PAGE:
Researchers examine anaerobic digestion, hydrothermal liquefaction as landfills fill up

August 29, 2021 |

In Colorado, the expected decline in the number of landfills across the United States coupled with bans on disposing large amounts of organic waste in landfills that have been enacted in multiple states has prompted researchers at the U.S. Department of Energy’s (DOE’s) National Renewable Energy Laboratory (NREL) to examine other ways to grapple with the issue of food waste disposal.

About 75% of food waste winds up in landfills. NREL researchers discovered that many landfills are running close to capacity and a significant number are scheduled to close by 2050. With funding from the DOE Bioenergy Technologies Office, NREL researchers examined the economics involved in five different ways to handle disposing of food waste, including tossing it into a landfill. The researchers determined that no single solution exists in the United States for dealing with food waste disposal, but all the investigated ways to handle food waste show some economy of scale and all the different types of waste management facilities would benefit from developing technologies to produce biogas or related products.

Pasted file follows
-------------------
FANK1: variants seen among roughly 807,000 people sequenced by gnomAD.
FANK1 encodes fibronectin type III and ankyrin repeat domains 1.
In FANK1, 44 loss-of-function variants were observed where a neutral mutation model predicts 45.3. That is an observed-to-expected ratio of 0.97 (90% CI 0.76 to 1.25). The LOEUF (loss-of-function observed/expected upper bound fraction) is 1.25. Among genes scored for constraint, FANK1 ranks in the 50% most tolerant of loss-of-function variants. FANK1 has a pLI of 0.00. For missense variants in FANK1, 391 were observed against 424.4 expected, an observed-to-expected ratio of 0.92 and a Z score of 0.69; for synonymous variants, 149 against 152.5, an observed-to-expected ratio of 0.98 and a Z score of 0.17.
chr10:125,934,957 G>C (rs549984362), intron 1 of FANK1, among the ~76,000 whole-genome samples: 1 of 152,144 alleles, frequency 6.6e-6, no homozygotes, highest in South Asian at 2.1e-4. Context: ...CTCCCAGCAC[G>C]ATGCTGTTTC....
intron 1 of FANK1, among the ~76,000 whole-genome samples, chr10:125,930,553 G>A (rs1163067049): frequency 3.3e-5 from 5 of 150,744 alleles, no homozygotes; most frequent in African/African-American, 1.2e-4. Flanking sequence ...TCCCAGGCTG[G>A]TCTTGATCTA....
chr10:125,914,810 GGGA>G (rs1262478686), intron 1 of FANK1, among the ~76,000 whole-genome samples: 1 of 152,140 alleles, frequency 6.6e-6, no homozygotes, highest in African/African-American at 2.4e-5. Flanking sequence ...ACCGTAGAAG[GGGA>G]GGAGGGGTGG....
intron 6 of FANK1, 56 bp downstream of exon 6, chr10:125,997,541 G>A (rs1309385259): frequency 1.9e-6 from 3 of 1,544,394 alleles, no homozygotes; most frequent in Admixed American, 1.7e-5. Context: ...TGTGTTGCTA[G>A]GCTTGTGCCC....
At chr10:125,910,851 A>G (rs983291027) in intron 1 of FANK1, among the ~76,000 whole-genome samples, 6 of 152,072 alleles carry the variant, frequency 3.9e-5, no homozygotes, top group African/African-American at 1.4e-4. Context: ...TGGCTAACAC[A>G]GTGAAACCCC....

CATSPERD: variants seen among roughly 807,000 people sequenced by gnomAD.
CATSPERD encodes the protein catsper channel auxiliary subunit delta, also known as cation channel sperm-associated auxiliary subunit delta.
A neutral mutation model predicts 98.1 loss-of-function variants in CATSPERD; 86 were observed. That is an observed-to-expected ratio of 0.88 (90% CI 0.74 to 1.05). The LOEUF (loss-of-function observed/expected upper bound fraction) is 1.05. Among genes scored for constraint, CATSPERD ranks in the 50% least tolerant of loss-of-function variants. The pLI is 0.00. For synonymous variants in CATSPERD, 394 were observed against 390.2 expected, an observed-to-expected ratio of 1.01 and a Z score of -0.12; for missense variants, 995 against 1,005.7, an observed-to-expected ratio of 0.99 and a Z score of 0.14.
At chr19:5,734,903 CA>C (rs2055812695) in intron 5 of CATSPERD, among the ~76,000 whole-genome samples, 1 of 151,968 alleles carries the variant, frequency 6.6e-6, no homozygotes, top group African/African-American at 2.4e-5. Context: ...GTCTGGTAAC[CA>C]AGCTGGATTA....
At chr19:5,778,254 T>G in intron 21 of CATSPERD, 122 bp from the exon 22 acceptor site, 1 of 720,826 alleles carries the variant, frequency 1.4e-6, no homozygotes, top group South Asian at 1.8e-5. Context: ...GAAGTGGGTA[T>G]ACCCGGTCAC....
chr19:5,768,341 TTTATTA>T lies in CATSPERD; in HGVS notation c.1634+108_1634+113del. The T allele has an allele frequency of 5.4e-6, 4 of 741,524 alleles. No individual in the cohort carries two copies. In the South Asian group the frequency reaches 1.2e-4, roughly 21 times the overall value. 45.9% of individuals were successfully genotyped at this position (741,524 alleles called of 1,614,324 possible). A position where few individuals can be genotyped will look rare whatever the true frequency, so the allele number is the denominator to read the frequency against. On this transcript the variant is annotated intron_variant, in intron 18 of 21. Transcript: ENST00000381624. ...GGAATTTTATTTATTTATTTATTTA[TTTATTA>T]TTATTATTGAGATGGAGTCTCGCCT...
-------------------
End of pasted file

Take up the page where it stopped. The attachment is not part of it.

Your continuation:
They examined five options for what to do with food waste, including the continued dumping into landfills. The other four options are:

  • Anaerobic digestion, in which microorganisms break down biodegradable material in the absence of oxygen
  • Composting, a biological process involving decomposition of organic matter in a controlled environment to produce compost
  • Incineration, where trash is burned for heat and/or power
  • Hydrothermal liquefaction, in which wet organic material is converted into biocrude.

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Category: Research

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